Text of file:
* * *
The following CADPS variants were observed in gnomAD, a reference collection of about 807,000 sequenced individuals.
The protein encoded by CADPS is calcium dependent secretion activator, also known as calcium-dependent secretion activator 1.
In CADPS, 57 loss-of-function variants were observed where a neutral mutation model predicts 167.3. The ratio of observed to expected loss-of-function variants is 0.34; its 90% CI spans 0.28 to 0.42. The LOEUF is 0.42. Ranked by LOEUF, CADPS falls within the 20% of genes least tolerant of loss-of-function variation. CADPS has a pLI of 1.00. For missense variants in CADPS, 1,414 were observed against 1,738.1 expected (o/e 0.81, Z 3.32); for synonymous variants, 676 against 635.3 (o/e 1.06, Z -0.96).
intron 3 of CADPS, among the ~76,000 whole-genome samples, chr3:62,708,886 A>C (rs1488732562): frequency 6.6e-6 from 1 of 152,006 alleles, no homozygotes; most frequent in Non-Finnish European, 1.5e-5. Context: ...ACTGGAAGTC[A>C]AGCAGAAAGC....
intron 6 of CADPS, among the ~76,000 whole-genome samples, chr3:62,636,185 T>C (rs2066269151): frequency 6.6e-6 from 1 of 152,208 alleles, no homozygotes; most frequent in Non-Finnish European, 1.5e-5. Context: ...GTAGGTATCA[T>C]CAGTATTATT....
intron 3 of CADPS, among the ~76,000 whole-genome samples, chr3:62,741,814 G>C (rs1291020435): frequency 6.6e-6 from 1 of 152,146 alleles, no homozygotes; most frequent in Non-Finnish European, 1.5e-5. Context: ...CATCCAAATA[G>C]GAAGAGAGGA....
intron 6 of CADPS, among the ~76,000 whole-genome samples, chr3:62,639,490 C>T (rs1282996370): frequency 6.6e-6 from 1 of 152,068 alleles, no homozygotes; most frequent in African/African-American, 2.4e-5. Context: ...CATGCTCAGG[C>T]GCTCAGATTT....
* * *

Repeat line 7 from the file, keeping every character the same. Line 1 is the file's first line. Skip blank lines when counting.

intron 6 of CADPS, among the ~76,000 whole-genome samples, chr3:62,639,490 C>T (rs1282996370): frequency 6.6e-6 from 1 of 152,068 alleles, no homozygotes; most frequent in African/African-American, 2.4e-5. Context: ...CATGCTCAGG[C>T]GCTCAGATTT....